Saturday, October 10, 2015

Archives for 2013

Briefing by UN Special Representative for Afghanistan, Ján Kubiš, to Security Council on Afghanistan

Good morning Mr President, Esteemed Members of the Security Council. We meet amidst intense focus on ensuring that Afghanistan’s three complex and intertwined transition processes – political, security and economic – are on track.

These efforts are due to culminate in 2014 but the fundamentals are to be put in place this year.

The very core of transition is strengthening Afghan national ownership and leadership. The onus for driving progress is thus on the Government of Afghanistan and the country’s leading political forces.

There is however a clear need to sustained and predictable international support, through 2014 and beyond, in ways that reinforce Afghanistan’s leadership.

Mr. President,

Summer-time is when Afghanistan is at its most alive: melons fill the bazaars and wedding parties throng the streets. It is also the season of fighting. This summer, unfortunately, promises to be a “hot” one.

As announced this week, Afghan security forces have entered the last phase in assuming the lead responsibility for security throughout the country. Anti-Government elements are, however, seeking to counter this by targeting security personnel and terrorising civilians. They aim to shake the population’s confidence in the Government and its armed forces.

We see increasingly brutal complex assaults on high-profile targets, high on civilian casualties, low on reaching military objectives, but nevertheless garnering media attention. Targeted killings of those deemed supportive of the Government include civil servants and judicial workers in violation of international law and the norms of war. In population centres, attacks in public spaces demonstrate a complete disregard for civilian lives.

From 1 January to 6 June 2013, 1,061 civilians have been killed and 2,031 injured. This is a 24 per cent increase in civilian casualties compared to the same period in 2012. Anti-Government elements have been responsible for 74 per cent of these casualties and pro-Government forces (Afghan national security forces and international forces), nine per cent.

Those aged under 18 make up one-fifth of civilians killed or injured so far this year, an increase of 31 per cent over the same period in 2012.

Afghan security institutions fight bravely and bear the brunt of the losses, show increased courage, confidence and competence in countering the intentions of the anti-Government elements.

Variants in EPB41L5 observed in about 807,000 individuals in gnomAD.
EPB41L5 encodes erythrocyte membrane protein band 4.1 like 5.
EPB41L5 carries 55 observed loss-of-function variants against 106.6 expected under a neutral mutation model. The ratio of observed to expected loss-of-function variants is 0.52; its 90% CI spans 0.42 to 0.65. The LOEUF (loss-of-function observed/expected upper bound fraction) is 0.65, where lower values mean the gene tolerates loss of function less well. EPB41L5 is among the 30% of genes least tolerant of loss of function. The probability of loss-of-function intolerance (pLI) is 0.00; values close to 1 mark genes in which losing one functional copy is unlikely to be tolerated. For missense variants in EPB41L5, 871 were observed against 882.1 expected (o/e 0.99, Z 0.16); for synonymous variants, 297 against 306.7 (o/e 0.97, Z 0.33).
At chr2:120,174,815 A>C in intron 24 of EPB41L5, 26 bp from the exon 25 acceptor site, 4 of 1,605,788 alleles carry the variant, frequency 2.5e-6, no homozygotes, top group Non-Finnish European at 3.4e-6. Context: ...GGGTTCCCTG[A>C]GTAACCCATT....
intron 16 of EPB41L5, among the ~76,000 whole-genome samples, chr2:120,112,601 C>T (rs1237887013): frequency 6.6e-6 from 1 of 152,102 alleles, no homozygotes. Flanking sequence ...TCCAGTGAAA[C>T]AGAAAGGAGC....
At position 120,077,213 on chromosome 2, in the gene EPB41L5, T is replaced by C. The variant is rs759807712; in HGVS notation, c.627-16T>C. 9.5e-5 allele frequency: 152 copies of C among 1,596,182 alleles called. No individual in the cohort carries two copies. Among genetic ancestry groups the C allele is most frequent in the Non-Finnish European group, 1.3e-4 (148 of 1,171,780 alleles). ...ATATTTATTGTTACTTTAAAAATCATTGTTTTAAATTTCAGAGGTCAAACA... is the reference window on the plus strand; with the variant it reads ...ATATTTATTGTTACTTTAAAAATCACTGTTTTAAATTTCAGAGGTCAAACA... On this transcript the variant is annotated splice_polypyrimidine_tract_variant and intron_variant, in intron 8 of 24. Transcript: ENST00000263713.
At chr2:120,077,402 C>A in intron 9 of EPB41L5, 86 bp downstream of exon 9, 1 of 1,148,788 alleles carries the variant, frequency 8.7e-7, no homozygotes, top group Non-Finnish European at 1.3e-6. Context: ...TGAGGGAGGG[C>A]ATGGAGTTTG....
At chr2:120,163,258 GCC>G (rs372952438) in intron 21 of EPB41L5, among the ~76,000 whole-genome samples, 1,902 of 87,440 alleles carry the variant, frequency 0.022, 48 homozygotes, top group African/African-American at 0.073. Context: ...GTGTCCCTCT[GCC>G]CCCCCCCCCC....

At the same time, the Afghan forces, notably the National Army, still require critical enablers such as air capacity to ensure their effectiveness and the sustainability. It is for the international community to assist.

Mr. President,

After 30 years of war, the internal and external drivers of conflict are complex and deep-seated. Diverse elements seek advantage of this fluid and unstable security transition.

Just recently, the Al Qaeda-affiliated Islamic Movement of Uzbekistan claimed joint responsibility for a multiple suicide attack in the Panjshir Valley, the very heartland of the former Northern Alliance. There are reports of foreign terrorists active in other parts of Afghanistan.

Afghanistan’s large-scale drugs economy is another source, driver and symptom of instability. This illicit production and trade simultaneously funds insurgent activity and if not curtailed, threatens to undermine Afghanistan’s institutions, security and economic self-sufficiency. The global and regional consequences demand resolute and targeted action.

Mr. President,

A smooth and legitimate transfer of power is widely acknowledged as the most critical part of transition, underpinning all other efforts. President Karzai continues to reiterate his commitment to standing aside in accordance with the Constitution. Planning and positioning ahead of the polls, scheduled for 5 April 2014, dominates the political landscape.

A robust and credible electoral architecture developed in good time in a transparent and participatory manner is a key Government commitment made at Tokyo.